L.A. flight secured; what's next?

Central Oregon business leaders discuss future of regional air service

By Elon Glucklich / The Bulletin / @EGlucklich

Central Oregon business advocates scored a major win for the region this month, bringing in more than $400,000 in prepaid tickets from the community to secure daily flights from Redmond Municipal Airport to Los Angeles International Airport, starting in June.

What’s next for Redmond Airport?

Restoring service to the Phoenix area is one of several longer-term priorities. Five or 10 years down the road, a push further east to a market like Minneapolis could be possible.

Officials with Economic Development for Central Oregon, Redmond Airport and the Central Oregon Visitors Association discussed the future of regional air service during a Bend Chamber of Commerce-sponsored event at Bend Golf and Country Club on Friday morning.

Discussions of new service are all speculative at this point, EDCO Executive Director Roger Lee told a crowd of about 30. But economic development officials are always exploring new opportunities, he said.

For a smaller airport like Redmond, recruiting new air service is no easy task, and depends heavily on grant money and community fundraising efforts. Central Oregon’s pitch to American Airlines included the $404,000 in pre-paid American Airlines travel tickets, as well as funds from a $500,000 federal grant to offset expected operating losses for the airline in its first year of service. Advertising commitments and airline fee waivers brought the region’s total pitch to about $1.3 million.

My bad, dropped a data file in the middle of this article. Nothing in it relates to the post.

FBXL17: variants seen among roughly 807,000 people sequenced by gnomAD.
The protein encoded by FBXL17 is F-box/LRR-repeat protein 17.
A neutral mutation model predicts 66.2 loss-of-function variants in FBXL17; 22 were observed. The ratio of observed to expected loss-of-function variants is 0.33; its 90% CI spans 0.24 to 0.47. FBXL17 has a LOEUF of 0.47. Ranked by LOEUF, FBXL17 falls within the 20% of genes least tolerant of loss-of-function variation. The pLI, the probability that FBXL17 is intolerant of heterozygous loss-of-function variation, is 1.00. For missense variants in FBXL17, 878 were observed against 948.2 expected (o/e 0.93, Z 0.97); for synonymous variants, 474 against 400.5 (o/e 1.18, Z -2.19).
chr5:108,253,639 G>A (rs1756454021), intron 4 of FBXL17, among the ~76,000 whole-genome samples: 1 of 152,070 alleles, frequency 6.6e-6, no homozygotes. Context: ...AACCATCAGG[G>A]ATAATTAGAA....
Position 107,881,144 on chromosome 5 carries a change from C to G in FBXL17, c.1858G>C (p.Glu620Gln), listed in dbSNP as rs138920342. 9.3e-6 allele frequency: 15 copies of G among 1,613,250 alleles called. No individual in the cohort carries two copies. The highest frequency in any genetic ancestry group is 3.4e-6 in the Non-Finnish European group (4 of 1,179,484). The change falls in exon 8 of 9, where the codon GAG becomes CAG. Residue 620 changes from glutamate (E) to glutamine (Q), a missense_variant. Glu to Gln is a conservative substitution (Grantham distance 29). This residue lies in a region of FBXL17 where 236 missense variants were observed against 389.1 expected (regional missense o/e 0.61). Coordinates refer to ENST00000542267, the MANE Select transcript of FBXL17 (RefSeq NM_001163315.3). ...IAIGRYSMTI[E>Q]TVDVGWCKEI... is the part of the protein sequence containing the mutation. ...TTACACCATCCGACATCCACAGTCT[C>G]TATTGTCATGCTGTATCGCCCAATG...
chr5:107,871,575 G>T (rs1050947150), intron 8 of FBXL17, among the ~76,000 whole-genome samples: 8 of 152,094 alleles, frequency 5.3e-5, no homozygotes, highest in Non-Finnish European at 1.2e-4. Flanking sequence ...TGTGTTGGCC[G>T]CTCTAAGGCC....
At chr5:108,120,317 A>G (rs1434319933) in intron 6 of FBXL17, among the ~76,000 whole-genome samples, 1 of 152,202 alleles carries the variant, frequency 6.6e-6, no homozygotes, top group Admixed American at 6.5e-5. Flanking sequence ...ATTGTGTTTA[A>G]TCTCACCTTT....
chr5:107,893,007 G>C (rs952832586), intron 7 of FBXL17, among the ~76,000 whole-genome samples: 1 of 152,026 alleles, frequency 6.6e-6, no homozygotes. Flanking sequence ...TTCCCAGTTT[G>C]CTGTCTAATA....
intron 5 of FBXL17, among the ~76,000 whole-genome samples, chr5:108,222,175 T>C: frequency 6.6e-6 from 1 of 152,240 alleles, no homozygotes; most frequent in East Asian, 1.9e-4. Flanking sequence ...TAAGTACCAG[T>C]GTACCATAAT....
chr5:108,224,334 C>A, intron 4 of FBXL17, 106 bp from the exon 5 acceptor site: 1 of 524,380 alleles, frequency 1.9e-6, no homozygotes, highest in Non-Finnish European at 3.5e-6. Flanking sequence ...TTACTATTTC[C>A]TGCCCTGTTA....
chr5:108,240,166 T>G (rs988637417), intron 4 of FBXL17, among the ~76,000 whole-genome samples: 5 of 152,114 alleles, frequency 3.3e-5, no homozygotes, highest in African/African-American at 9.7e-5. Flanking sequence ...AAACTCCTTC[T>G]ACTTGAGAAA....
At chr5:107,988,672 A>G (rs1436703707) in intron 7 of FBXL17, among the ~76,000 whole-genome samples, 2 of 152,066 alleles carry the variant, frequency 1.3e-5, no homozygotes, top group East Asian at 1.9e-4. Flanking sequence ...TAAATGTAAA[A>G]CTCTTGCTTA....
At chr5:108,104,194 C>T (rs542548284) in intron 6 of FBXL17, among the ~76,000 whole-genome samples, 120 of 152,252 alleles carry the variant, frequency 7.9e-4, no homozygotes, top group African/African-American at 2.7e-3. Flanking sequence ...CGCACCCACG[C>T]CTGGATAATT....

It’s a necessary hurdle for small airports to clear, Lee said.

“We’ve had airlines tell us, ‘don’t even talk to us without $1 million’” in upfront commitments, Lee said.

Redmond-to-L.A. air service is set to start June 12, with a 50-seat jet departing Redmond each morning and returning in the evening. American Airlines has announced a two-year commitment.

One of the major short-term efforts now is to expand Central Oregon marketing efforts in Southern California, to ensure the flight secures both business and leisure travelers, said Alana Hughson, COVA president and CEO.

COVA expects to start an advertising campaign showcasing some of the reasons Los Angeles-area residents would want to travel here: wide open spaces, little traffic congestion and outdoor recreation.

“COVA’s role is to step into the Southern California market and tell the (roughly) 20 million people living there that we have an attractive destination,” Hughson said.